We've updated our Privacy Policy to make it clearer how we use your personal data.

We use cookies to provide you with a better experience, read our Cookie Policy

Advertisement

New Details About Protein Binding Could Lead to Better Drugs

News   Nov 24, 2020 | Original story from Rice University

 
New Details About Protein Binding Could Lead to Better Drugs

Atom-scale models by Rice University scientists based on those used to predict how proteins fold show a strong correlation between minimally frustrated binding sites and drug specificity. The funnel, a visual representation of the protein's energy landscape as it folds, helps locate those frustrated sites. Such models could lead to better-designed drugs with fewer side effects. Credit: Mingchen Chen/Rice University

 
 
Advertisement
 

RELATED ARTICLES

Improving Coastal Water Quality Forecasting

News

Using water samples and environmental data gathered over 48 hours or less, engineers have developed a new predictive technique for forecasting coastal water quality. It could be used to keep tabs on otherwise unmonitored coastal areas, a critical step in protecting public health and the ocean economy.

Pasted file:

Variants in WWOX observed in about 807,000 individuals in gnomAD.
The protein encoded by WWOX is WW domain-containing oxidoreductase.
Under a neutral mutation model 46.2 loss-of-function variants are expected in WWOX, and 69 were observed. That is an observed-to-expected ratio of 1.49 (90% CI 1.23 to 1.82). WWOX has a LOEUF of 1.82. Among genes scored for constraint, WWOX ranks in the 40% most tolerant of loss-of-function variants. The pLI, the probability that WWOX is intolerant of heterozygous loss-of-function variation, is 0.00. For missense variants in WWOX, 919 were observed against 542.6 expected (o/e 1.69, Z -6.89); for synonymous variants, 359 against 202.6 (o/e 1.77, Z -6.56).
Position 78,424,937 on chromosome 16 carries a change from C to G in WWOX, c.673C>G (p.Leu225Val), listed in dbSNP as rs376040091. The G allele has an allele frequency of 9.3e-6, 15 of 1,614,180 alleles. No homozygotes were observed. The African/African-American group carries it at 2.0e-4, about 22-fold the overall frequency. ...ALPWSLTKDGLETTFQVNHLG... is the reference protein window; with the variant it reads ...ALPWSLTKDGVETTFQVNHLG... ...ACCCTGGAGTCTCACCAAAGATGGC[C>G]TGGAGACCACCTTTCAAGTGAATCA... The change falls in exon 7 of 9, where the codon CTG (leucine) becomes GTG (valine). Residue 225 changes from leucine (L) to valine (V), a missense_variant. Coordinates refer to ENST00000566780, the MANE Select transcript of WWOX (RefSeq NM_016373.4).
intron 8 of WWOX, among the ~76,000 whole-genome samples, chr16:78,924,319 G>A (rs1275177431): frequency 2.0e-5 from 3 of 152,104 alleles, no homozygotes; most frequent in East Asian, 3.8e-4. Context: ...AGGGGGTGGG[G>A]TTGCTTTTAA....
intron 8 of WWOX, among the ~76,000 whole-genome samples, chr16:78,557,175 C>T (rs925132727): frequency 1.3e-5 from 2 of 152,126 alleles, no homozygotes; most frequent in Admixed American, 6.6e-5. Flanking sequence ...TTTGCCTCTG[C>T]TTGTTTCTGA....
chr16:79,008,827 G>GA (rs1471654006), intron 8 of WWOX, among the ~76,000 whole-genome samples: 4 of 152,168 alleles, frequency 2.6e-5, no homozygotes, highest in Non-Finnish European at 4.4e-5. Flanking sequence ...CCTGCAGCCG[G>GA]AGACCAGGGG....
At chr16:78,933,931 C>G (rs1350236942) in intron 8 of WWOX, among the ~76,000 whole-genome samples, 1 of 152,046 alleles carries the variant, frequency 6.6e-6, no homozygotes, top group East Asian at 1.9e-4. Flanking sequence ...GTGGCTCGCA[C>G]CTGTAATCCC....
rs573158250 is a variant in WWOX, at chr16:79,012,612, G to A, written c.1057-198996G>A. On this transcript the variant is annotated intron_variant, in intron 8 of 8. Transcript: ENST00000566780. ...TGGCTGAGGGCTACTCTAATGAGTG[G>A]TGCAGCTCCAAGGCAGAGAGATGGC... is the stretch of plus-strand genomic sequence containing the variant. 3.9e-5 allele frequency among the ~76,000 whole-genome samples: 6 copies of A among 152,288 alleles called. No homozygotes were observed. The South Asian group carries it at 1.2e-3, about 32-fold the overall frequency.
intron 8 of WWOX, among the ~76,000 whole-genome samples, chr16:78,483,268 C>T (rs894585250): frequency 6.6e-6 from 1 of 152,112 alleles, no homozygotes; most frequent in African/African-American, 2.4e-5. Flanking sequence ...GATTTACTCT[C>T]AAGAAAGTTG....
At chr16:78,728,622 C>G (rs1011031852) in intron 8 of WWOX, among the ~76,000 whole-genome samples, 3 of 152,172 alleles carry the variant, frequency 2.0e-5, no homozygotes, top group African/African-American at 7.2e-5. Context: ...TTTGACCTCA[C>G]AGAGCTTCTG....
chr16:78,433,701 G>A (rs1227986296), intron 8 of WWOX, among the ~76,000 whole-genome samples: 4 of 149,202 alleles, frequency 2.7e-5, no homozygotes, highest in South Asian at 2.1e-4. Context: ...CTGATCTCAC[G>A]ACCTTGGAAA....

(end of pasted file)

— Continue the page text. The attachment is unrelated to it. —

READ MORE

Microbiome Search Engine 2 Aids Microbiome Exploration

News

The importance of microbiomes in health and disease, in humans, animals and the environment, is becoming increasingly clear. Researchers have developed the Microbiome Search Engine 2 (MSE 2) to aid studies by correlating newly developed microbiomes with existing data sets.

READ MORE

Team Investigates Potential Drug Therapy Combination for Lung Cancer

News

Researchers report that in non-small-cell lung carcinoma, secondary mutations occurring with another gene alteration known as ALK make the efficacy of alectinib, an otherwise commonly used drug for treating lung cancer, become unfavorable. Combining alectinib with another drug could help to overcome these effects.

READ MORE

 

Like what you just read? You can find similar content on the communities below.

Drug Discovery Informatics

To personalize the content you see on Technology Networks homepage, Log In or Subscribe for Free

LOGIN SUBSCRIBE FOR FREE